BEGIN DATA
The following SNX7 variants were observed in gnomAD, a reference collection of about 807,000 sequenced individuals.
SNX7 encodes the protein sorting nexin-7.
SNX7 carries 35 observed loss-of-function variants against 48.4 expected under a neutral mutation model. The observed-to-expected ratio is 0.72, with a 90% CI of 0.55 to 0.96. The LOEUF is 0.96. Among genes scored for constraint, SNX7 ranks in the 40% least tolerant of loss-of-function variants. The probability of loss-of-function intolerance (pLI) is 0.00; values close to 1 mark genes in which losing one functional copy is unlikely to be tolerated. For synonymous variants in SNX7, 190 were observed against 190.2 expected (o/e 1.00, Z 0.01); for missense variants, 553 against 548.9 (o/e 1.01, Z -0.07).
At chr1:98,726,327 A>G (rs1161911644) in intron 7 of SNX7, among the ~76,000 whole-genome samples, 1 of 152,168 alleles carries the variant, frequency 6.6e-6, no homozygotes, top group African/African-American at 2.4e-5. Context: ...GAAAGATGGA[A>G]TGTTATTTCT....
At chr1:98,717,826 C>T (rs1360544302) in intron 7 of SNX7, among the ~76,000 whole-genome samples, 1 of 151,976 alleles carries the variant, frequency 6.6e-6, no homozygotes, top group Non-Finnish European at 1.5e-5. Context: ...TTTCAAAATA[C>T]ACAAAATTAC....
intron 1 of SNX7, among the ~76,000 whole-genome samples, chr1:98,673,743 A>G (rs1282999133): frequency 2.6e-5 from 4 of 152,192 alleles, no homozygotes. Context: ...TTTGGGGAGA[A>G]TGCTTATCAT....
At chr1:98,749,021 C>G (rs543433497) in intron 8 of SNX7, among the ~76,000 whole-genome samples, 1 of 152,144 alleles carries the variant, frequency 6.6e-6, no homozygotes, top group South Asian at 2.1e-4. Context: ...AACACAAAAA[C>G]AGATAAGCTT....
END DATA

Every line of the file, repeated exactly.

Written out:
The following SNX7 variants were observed in gnomAD, a reference collection of about 807,000 sequenced individuals.
SNX7 encodes the protein sorting nexin-7.
SNX7 carries 35 observed loss-of-function variants against 48.4 expected under a neutral mutation model. The observed-to-expected ratio is 0.72, with a 90% CI of 0.55 to 0.96. The LOEUF is 0.96. Among genes scored for constraint, SNX7 ranks in the 40% least tolerant of loss-of-function variants. The probability of loss-of-function intolerance (pLI) is 0.00; values close to 1 mark genes in which losing one functional copy is unlikely to be tolerated. For synonymous variants in SNX7, 190 were observed against 190.2 expected (o/e 1.00, Z 0.01); for missense variants, 553 against 548.9 (o/e 1.01, Z -0.07).
At chr1:98,726,327 A>G (rs1161911644) in intron 7 of SNX7, among the ~76,000 whole-genome samples, 1 of 152,168 alleles carries the variant, frequency 6.6e-6, no homozygotes, top group African/African-American at 2.4e-5. Context: ...GAAAGATGGA[A>G]TGTTATTTCT....
At chr1:98,717,826 C>T (rs1360544302) in intron 7 of SNX7, among the ~76,000 whole-genome samples, 1 of 151,976 alleles carries the variant, frequency 6.6e-6, no homozygotes, top group Non-Finnish European at 1.5e-5. Context: ...TTTCAAAATA[C>T]ACAAAATTAC....
intron 1 of SNX7, among the ~76,000 whole-genome samples, chr1:98,673,743 A>G (rs1282999133): frequency 2.6e-5 from 4 of 152,192 alleles, no homozygotes. Context: ...TTTGGGGAGA[A>G]TGCTTATCAT....
At chr1:98,749,021 C>G (rs543433497) in intron 8 of SNX7, among the ~76,000 whole-genome samples, 1 of 152,144 alleles carries the variant, frequency 6.6e-6, no homozygotes, top group South Asian at 2.1e-4. Context: ...AACACAAAAA[C>G]AGATAAGCTT....